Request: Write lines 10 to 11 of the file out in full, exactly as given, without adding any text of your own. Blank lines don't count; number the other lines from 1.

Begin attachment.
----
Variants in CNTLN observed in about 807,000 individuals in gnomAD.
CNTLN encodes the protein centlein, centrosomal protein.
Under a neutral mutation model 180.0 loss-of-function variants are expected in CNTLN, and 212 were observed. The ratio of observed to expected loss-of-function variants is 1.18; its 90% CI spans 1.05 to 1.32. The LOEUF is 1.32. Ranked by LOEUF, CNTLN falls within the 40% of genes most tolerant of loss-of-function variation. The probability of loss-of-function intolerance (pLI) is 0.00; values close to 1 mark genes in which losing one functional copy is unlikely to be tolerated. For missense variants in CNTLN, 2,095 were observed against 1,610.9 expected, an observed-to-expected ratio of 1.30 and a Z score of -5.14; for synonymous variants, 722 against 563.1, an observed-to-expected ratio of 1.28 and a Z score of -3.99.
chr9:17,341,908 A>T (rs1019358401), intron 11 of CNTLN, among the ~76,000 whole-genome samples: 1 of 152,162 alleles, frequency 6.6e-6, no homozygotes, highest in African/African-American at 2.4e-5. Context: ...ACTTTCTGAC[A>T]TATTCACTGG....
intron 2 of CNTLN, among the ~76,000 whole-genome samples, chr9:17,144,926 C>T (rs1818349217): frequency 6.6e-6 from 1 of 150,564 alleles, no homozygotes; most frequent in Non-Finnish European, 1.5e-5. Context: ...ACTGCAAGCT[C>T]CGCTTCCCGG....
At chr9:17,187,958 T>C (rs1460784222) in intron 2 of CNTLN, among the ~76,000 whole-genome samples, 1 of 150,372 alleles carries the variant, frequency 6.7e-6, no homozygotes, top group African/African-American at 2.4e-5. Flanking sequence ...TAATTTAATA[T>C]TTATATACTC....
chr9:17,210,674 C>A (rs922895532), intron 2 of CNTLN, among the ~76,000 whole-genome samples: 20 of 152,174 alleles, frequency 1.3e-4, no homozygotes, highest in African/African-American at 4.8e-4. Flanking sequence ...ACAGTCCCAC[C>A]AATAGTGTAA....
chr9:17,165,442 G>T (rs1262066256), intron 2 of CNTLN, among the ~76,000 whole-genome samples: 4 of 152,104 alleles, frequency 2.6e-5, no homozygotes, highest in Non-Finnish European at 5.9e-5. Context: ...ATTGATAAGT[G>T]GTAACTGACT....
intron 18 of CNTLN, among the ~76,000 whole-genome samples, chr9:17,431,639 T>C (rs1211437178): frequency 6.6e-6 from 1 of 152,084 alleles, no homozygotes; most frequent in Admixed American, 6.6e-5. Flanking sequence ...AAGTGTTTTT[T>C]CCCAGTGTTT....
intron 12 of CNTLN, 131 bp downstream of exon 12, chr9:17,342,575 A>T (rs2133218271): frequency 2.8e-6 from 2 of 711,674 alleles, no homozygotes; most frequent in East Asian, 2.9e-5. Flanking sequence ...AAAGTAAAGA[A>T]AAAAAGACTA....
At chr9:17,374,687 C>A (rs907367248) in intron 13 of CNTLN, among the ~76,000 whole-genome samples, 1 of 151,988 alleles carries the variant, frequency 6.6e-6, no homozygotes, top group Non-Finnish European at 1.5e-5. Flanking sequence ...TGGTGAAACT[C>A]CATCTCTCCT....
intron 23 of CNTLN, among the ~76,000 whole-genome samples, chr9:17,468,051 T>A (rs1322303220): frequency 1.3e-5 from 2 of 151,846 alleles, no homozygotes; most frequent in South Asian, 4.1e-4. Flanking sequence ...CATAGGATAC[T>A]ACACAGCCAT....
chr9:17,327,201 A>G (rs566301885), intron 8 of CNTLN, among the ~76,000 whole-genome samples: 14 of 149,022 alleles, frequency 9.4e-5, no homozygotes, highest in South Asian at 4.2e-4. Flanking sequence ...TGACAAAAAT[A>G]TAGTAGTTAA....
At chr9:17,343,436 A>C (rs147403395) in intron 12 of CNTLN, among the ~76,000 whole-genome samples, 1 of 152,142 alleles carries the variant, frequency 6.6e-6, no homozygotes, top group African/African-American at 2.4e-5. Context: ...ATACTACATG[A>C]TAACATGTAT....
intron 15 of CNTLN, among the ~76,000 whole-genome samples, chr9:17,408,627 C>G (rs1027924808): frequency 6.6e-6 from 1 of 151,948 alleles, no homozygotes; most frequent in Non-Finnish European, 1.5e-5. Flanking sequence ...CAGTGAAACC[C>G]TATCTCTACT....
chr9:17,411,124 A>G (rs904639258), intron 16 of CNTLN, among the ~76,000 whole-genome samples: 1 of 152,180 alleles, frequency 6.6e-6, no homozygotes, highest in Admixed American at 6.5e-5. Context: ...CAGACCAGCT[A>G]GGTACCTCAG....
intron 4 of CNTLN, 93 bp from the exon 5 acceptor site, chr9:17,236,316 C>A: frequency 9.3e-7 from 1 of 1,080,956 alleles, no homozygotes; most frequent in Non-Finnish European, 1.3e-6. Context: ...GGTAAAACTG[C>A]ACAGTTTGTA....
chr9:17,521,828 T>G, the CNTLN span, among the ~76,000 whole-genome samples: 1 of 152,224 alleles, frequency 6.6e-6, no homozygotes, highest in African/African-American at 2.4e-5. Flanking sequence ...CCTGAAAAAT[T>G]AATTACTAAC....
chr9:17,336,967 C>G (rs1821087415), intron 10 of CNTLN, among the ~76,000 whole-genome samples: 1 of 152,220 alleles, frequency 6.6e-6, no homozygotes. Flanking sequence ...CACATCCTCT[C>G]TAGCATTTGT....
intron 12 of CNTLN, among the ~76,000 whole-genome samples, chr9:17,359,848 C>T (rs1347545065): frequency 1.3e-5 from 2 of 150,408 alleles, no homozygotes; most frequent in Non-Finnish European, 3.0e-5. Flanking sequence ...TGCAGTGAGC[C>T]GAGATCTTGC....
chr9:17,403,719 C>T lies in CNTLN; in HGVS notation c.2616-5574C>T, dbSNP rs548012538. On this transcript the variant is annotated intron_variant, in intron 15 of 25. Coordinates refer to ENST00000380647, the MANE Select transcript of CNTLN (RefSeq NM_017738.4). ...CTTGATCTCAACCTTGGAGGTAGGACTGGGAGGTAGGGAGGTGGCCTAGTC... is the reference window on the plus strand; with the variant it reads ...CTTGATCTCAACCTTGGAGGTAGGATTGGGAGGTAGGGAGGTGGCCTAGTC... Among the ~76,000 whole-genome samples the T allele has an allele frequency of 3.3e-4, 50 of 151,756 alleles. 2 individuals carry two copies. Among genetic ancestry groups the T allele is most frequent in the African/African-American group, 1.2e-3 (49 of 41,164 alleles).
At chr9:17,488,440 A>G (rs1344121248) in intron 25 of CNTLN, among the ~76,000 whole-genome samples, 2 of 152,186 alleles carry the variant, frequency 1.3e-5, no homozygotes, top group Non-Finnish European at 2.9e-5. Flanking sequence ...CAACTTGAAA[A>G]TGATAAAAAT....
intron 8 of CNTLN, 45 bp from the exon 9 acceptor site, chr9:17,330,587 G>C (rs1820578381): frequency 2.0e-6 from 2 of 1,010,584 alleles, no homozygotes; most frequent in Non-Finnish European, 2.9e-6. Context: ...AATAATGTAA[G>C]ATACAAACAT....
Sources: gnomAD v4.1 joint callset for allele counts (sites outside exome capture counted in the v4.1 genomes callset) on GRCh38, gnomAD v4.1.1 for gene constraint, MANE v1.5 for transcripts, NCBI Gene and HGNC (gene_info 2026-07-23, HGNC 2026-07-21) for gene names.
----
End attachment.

intron 12 of CNTLN, 131 bp downstream of exon 12, chr9:17,342,575 A>T (rs2133218271): frequency 2.8e-6 from 2 of 711,674 alleles, no homozygotes; most frequent in East Asian, 2.9e-5. Flanking sequence ...AAAGTAAAGA[A>T]AAAAAGACTA....
At chr9:17,374,687 C>A (rs907367248) in intron 13 of CNTLN, among the ~76,000 whole-genome samples, 1 of 151,988 alleles carries the variant, frequency 6.6e-6, no homozygotes, top group Non-Finnish European at 1.5e-5. Flanking sequence ...TGGTGAAACT[C>A]CATCTCTCCT....